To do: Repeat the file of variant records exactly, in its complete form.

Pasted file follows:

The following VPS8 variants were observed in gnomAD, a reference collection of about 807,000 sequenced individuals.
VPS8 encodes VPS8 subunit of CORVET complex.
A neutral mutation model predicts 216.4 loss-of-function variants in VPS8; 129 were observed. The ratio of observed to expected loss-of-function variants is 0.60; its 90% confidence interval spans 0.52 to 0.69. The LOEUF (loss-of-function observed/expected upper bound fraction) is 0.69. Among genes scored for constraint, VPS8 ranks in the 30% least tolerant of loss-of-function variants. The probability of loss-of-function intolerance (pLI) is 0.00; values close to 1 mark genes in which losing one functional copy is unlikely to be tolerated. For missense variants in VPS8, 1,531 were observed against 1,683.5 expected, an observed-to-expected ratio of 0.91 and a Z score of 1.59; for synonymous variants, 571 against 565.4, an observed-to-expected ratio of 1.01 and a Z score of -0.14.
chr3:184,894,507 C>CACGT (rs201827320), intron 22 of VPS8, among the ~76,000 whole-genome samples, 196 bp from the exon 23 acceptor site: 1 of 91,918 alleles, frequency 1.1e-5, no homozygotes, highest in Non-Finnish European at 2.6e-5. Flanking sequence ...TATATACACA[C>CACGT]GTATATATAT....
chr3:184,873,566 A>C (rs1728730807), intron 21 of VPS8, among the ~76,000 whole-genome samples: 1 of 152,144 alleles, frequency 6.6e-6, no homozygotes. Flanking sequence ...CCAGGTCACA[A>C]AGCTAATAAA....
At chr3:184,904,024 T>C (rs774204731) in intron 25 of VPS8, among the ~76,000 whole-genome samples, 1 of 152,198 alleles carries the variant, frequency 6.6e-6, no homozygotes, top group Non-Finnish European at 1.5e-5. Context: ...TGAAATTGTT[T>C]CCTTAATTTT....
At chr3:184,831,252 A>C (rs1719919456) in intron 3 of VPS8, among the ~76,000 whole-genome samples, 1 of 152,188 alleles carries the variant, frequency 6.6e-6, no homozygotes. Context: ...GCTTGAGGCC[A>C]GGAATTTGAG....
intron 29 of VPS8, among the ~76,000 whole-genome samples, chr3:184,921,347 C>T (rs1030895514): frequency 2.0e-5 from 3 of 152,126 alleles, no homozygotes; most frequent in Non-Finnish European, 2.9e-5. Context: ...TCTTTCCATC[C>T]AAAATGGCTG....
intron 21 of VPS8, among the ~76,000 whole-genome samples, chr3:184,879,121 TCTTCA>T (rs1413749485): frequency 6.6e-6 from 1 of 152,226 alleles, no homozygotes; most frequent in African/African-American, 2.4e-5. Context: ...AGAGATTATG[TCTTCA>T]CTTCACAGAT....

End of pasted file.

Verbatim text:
The following VPS8 variants were observed in gnomAD, a reference collection of about 807,000 sequenced individuals.
VPS8 encodes VPS8 subunit of CORVET complex.
A neutral mutation model predicts 216.4 loss-of-function variants in VPS8; 129 were observed. The ratio of observed to expected loss-of-function variants is 0.60; its 90% confidence interval spans 0.52 to 0.69. The LOEUF (loss-of-function observed/expected upper bound fraction) is 0.69. Among genes scored for constraint, VPS8 ranks in the 30% least tolerant of loss-of-function variants. The probability of loss-of-function intolerance (pLI) is 0.00; values close to 1 mark genes in which losing one functional copy is unlikely to be tolerated. For missense variants in VPS8, 1,531 were observed against 1,683.5 expected, an observed-to-expected ratio of 0.91 and a Z score of 1.59; for synonymous variants, 571 against 565.4, an observed-to-expected ratio of 1.01 and a Z score of -0.14.
chr3:184,894,507 C>CACGT (rs201827320), intron 22 of VPS8, among the ~76,000 whole-genome samples, 196 bp from the exon 23 acceptor site: 1 of 91,918 alleles, frequency 1.1e-5, no homozygotes, highest in Non-Finnish European at 2.6e-5. Flanking sequence ...TATATACACA[C>CACGT]GTATATATAT....
chr3:184,873,566 A>C (rs1728730807), intron 21 of VPS8, among the ~76,000 whole-genome samples: 1 of 152,144 alleles, frequency 6.6e-6, no homozygotes. Flanking sequence ...CCAGGTCACA[A>C]AGCTAATAAA....
At chr3:184,904,024 T>C (rs774204731) in intron 25 of VPS8, among the ~76,000 whole-genome samples, 1 of 152,198 alleles carries the variant, frequency 6.6e-6, no homozygotes, top group Non-Finnish European at 1.5e-5. Context: ...TGAAATTGTT[T>C]CCTTAATTTT....
At chr3:184,831,252 A>C (rs1719919456) in intron 3 of VPS8, among the ~76,000 whole-genome samples, 1 of 152,188 alleles carries the variant, frequency 6.6e-6, no homozygotes. Context: ...GCTTGAGGCC[A>C]GGAATTTGAG....
intron 29 of VPS8, among the ~76,000 whole-genome samples, chr3:184,921,347 C>T (rs1030895514): frequency 2.0e-5 from 3 of 152,126 alleles, no homozygotes; most frequent in Non-Finnish European, 2.9e-5. Context: ...TCTTTCCATC[C>T]AAAATGGCTG....
intron 21 of VPS8, among the ~76,000 whole-genome samples, chr3:184,879,121 TCTTCA>T (rs1413749485): frequency 6.6e-6 from 1 of 152,226 alleles, no homozygotes; most frequent in African/African-American, 2.4e-5. Context: ...AGAGATTATG[TCTTCA>T]CTTCACAGAT....